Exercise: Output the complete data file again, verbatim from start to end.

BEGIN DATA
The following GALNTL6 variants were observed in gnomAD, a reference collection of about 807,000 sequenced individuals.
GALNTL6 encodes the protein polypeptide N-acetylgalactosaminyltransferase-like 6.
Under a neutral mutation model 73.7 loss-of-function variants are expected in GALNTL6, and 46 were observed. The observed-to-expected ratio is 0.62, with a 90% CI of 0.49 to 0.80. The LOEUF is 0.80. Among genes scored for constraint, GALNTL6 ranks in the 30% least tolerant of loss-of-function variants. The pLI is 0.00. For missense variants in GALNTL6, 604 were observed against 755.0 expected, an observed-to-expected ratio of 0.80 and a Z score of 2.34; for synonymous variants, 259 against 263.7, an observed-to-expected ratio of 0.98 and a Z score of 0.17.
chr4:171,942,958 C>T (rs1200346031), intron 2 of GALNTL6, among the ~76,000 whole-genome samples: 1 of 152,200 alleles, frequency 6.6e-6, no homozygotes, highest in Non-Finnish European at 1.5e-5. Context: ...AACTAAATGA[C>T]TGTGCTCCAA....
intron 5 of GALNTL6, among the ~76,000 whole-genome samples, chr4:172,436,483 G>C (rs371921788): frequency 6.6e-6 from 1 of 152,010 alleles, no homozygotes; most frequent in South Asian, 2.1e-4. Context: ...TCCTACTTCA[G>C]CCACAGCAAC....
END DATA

The following GALNTL6 variants were observed in gnomAD, a reference collection of about 807,000 sequenced individuals.
GALNTL6 encodes the protein polypeptide N-acetylgalactosaminyltransferase-like 6.
Under a neutral mutation model 73.7 loss-of-function variants are expected in GALNTL6, and 46 were observed. The observed-to-expected ratio is 0.62, with a 90% CI of 0.49 to 0.80. The LOEUF is 0.80. Among genes scored for constraint, GALNTL6 ranks in the 30% least tolerant of loss-of-function variants. The pLI is 0.00. For missense variants in GALNTL6, 604 were observed against 755.0 expected, an observed-to-expected ratio of 0.80 and a Z score of 2.34; for synonymous variants, 259 against 263.7, an observed-to-expected ratio of 0.98 and a Z score of 0.17.
chr4:171,942,958 C>T (rs1200346031), intron 2 of GALNTL6, among the ~76,000 whole-genome samples: 1 of 152,200 alleles, frequency 6.6e-6, no homozygotes, highest in Non-Finnish European at 1.5e-5. Context: ...AACTAAATGA[C>T]TGTGCTCCAA....
intron 5 of GALNTL6, among the ~76,000 whole-genome samples, chr4:172,436,483 G>C (rs371921788): frequency 6.6e-6 from 1 of 152,010 alleles, no homozygotes; most frequent in South Asian, 2.1e-4. Context: ...TCCTACTTCA[G>C]CCACAGCAAC....